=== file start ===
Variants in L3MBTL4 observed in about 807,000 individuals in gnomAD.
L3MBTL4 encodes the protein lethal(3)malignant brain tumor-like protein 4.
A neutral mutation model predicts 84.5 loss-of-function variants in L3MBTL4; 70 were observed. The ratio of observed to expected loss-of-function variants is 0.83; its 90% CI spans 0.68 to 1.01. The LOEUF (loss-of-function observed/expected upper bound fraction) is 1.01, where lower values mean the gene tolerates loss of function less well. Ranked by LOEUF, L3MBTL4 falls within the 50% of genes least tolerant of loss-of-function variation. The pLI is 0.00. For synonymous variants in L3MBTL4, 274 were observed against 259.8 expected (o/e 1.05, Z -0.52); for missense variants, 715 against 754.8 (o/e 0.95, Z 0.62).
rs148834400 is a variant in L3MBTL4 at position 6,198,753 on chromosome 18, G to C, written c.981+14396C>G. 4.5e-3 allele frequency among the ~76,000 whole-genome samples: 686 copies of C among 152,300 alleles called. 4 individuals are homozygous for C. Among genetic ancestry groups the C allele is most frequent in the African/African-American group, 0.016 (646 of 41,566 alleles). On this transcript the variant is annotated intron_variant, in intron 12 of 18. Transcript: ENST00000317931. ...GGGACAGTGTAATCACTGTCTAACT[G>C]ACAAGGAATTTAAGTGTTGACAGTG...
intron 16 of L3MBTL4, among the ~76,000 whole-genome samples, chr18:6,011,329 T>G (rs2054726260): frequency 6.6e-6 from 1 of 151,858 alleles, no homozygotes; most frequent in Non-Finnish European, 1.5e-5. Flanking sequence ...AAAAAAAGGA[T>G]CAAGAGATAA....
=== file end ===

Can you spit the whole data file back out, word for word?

Variants in L3MBTL4 observed in about 807,000 individuals in gnomAD.
L3MBTL4 encodes the protein lethal(3)malignant brain tumor-like protein 4.
A neutral mutation model predicts 84.5 loss-of-function variants in L3MBTL4; 70 were observed. The ratio of observed to expected loss-of-function variants is 0.83; its 90% CI spans 0.68 to 1.01. The LOEUF (loss-of-function observed/expected upper bound fraction) is 1.01, where lower values mean the gene tolerates loss of function less well. Ranked by LOEUF, L3MBTL4 falls within the 50% of genes least tolerant of loss-of-function variation. The pLI is 0.00. For synonymous variants in L3MBTL4, 274 were observed against 259.8 expected (o/e 1.05, Z -0.52); for missense variants, 715 against 754.8 (o/e 0.95, Z 0.62).
rs148834400 is a variant in L3MBTL4 at position 6,198,753 on chromosome 18, G to C, written c.981+14396C>G. 4.5e-3 allele frequency among the ~76,000 whole-genome samples: 686 copies of C among 152,300 alleles called. 4 individuals are homozygous for C. Among genetic ancestry groups the C allele is most frequent in the African/African-American group, 0.016 (646 of 41,566 alleles). On this transcript the variant is annotated intron_variant, in intron 12 of 18. Transcript: ENST00000317931. ...GGGACAGTGTAATCACTGTCTAACT[G>C]ACAAGGAATTTAAGTGTTGACAGTG...
intron 16 of L3MBTL4, among the ~76,000 whole-genome samples, chr18:6,011,329 T>G (rs2054726260): frequency 6.6e-6 from 1 of 151,858 alleles, no homozygotes; most frequent in Non-Finnish European, 1.5e-5. Flanking sequence ...AAAAAAAGGA[T>G]CAAGAGATAA....